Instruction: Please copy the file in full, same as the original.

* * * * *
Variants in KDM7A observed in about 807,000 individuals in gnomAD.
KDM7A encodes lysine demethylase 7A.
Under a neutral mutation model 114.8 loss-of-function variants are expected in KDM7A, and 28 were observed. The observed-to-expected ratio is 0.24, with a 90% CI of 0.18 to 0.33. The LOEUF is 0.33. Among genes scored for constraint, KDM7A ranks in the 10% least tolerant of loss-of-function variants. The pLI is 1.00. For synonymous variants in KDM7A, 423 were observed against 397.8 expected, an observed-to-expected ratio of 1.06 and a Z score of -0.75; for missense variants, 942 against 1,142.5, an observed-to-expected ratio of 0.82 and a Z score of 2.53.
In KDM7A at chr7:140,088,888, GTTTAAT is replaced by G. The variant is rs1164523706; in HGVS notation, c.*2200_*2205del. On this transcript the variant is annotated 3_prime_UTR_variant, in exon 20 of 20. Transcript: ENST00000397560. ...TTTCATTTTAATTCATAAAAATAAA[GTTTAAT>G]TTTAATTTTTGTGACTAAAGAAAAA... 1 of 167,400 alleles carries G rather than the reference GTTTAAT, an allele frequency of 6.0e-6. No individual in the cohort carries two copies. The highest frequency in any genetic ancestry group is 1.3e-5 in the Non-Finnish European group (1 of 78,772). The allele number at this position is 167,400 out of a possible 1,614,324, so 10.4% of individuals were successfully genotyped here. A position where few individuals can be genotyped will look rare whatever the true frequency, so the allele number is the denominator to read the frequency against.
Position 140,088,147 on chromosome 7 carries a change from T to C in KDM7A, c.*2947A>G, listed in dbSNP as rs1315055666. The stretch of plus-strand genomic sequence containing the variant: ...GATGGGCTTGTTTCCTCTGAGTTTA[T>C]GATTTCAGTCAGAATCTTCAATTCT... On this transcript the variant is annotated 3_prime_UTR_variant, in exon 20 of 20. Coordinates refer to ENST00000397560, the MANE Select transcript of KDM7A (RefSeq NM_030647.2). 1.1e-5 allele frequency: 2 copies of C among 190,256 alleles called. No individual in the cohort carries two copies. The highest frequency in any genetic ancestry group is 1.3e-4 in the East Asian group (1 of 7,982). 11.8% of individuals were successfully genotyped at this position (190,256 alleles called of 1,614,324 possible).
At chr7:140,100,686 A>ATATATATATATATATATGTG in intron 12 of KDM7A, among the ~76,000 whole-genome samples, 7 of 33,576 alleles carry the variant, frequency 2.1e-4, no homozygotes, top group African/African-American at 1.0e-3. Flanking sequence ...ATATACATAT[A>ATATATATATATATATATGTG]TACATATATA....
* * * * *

Variants in KDM7A observed in about 807,000 individuals in gnomAD.
KDM7A encodes lysine demethylase 7A.
Under a neutral mutation model 114.8 loss-of-function variants are expected in KDM7A, and 28 were observed. The observed-to-expected ratio is 0.24, with a 90% CI of 0.18 to 0.33. The LOEUF is 0.33. Among genes scored for constraint, KDM7A ranks in the 10% least tolerant of loss-of-function variants. The pLI is 1.00. For synonymous variants in KDM7A, 423 were observed against 397.8 expected, an observed-to-expected ratio of 1.06 and a Z score of -0.75; for missense variants, 942 against 1,142.5, an observed-to-expected ratio of 0.82 and a Z score of 2.53.
In KDM7A at chr7:140,088,888, GTTTAAT is replaced by G. The variant is rs1164523706; in HGVS notation, c.*2200_*2205del. On this transcript the variant is annotated 3_prime_UTR_variant, in exon 20 of 20. Transcript: ENST00000397560. ...TTTCATTTTAATTCATAAAAATAAA[GTTTAAT>G]TTTAATTTTTGTGACTAAAGAAAAA... 1 of 167,400 alleles carries G rather than the reference GTTTAAT, an allele frequency of 6.0e-6. No individual in the cohort carries two copies. The highest frequency in any genetic ancestry group is 1.3e-5 in the Non-Finnish European group (1 of 78,772). The allele number at this position is 167,400 out of a possible 1,614,324, so 10.4% of individuals were successfully genotyped here. A position where few individuals can be genotyped will look rare whatever the true frequency, so the allele number is the denominator to read the frequency against.
Position 140,088,147 on chromosome 7 carries a change from T to C in KDM7A, c.*2947A>G, listed in dbSNP as rs1315055666. The stretch of plus-strand genomic sequence containing the variant: ...GATGGGCTTGTTTCCTCTGAGTTTA[T>C]GATTTCAGTCAGAATCTTCAATTCT... On this transcript the variant is annotated 3_prime_UTR_variant, in exon 20 of 20. Coordinates refer to ENST00000397560, the MANE Select transcript of KDM7A (RefSeq NM_030647.2). 1.1e-5 allele frequency: 2 copies of C among 190,256 alleles called. No individual in the cohort carries two copies. The highest frequency in any genetic ancestry group is 1.3e-4 in the East Asian group (1 of 7,982). 11.8% of individuals were successfully genotyped at this position (190,256 alleles called of 1,614,324 possible).
At chr7:140,100,686 A>ATATATATATATATATATGTG in intron 12 of KDM7A, among the ~76,000 whole-genome samples, 7 of 33,576 alleles carry the variant, frequency 2.1e-4, no homozygotes, top group African/African-American at 1.0e-3. Flanking sequence ...ATATACATAT[A>ATATATATATATATATATGTG]TACATATATA....